The transition of cannabinoids and terpenes in cannabis from "solid" to vapor or smoke in a joint (cannabis cigarette) was examined. It was published in the journal Cannabis and Cannabinoid Research in October 2023.
Three different cannabis flower chemovars were tested. Two were THC dominant with little CBD, and one was balanced with similar amounts of THC and CBD:
- 14.3% THC, <0.1% CBD
- 23.5% THC, <0.1% CBD
- 9% THC, 10.6% CBD
The authors created a smoking machine that "inhaled" 35ml in 5.6 seconds with the interval between puffs set to 15 seconds. The smoke was trapped in an ethanol solution and then tested via HPLC (cannabinoids) and gas chromatography (terpenes and terpenoids).
The bottom line is they found the concentration of cannabinoids and terpenes in the smoke increases as the joint is smoked. The first part of the joint will have a higher concentration of terpenes and lower concentration of cannabinoids than the last part of the joint. This is because almost all cannabis terpenes have lower boiling points than cannabinoids.
Overall, the amount of cannabinoids and terpenes in each inhalation increases as the joint is smoked. The second half of a joint could easily have TWICE the concentration of the first half:
for example, if one half of the cigarette is used in the morning and the other half for the night, the dose in the latter might approach twice that in the former.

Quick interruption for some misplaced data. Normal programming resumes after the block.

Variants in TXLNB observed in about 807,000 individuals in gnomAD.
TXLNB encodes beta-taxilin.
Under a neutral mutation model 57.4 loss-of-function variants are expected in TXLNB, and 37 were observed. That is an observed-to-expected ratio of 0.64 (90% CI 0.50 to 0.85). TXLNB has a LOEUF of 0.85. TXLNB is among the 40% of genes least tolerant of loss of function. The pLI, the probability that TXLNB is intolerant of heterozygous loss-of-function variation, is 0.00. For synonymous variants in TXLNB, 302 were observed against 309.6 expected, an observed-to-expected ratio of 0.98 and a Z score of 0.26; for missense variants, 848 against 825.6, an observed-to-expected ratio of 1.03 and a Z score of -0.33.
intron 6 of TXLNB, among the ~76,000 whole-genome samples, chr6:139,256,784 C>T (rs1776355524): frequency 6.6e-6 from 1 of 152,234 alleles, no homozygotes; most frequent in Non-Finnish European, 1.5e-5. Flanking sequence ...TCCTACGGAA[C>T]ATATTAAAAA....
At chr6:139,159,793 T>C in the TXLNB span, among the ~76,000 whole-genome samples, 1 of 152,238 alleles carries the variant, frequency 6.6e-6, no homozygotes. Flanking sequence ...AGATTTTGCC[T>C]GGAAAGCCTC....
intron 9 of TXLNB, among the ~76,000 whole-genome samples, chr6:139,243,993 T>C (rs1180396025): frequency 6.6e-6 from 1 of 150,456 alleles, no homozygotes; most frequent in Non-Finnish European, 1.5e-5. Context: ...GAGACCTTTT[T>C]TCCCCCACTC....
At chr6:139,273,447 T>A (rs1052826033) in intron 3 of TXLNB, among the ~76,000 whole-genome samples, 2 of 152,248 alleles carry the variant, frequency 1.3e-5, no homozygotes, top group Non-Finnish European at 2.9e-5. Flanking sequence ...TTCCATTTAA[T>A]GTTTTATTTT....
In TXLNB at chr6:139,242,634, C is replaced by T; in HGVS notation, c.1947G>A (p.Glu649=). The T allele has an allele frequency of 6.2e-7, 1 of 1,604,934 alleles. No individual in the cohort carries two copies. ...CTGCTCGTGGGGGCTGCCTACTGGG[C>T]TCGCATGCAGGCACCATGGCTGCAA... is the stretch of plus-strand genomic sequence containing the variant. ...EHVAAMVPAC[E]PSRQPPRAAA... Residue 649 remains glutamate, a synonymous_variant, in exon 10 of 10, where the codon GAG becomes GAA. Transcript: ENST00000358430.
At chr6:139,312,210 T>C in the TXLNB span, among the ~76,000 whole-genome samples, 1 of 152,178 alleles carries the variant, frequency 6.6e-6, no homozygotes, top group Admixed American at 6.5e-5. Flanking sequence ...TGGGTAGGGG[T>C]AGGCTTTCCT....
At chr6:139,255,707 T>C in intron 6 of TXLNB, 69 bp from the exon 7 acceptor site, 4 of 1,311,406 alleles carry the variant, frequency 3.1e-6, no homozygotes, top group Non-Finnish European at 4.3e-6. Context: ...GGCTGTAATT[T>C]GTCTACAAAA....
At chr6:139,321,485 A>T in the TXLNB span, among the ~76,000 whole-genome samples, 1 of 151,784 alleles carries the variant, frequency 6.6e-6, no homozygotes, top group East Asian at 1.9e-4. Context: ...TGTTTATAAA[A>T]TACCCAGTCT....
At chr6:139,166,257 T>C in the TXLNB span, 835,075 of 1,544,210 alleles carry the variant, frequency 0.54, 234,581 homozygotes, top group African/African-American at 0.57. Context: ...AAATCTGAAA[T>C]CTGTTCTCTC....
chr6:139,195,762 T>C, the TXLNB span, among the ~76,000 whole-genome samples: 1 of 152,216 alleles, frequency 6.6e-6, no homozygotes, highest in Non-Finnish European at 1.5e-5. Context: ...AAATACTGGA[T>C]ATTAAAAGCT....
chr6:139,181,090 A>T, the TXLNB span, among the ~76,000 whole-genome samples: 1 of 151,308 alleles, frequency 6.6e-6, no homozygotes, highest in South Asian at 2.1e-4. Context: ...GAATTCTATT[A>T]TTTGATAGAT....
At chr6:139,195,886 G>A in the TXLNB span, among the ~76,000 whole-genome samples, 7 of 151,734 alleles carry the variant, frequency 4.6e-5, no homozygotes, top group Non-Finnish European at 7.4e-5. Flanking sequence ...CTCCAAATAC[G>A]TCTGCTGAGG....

terpenes are inhaled before the cannabinoids are. The same is true for using vaporizers.
"Roaches" are thus stronger, but usually don't taste as good due primarily to the previous vaporization of lower boiling point monoterpenes like myrcene, pinene, linalool, terpinolene, and limonene. The monoterpenes found in cannabis usually boil below 450F (233C), whereas the sesquiterpenes usually boil above those temperatures. Cannabinoids typically boil above 750F (400C).
Authors' results and conclusions:
Results demonstrated increased cannabinoid content in the cigarette sections closer to the mouth, as compared with those closer to the lit end.
cannabinoid content in the inhaled smoke increases as smoking progresses
Monoterpenes, having lower boiling points reach the smoke before the sesquiterpenes and cannabinoids do
The full text article is here at LiebertPub.com.
Eyal AM, Hen-Shoval D, Schlesinger D, Berneman-Zeitouni D, Raz N. Inconsistency in the Composition of the Smoke of a Cannabis Cigarette as Smoking Progresses: Results, Mechanism, and Implications. Cannabis Cannabinoid Res. 2023 Oct 17. doi: 10.1089/can.2023.0123. Epub ahead of print. PMID: 37847234.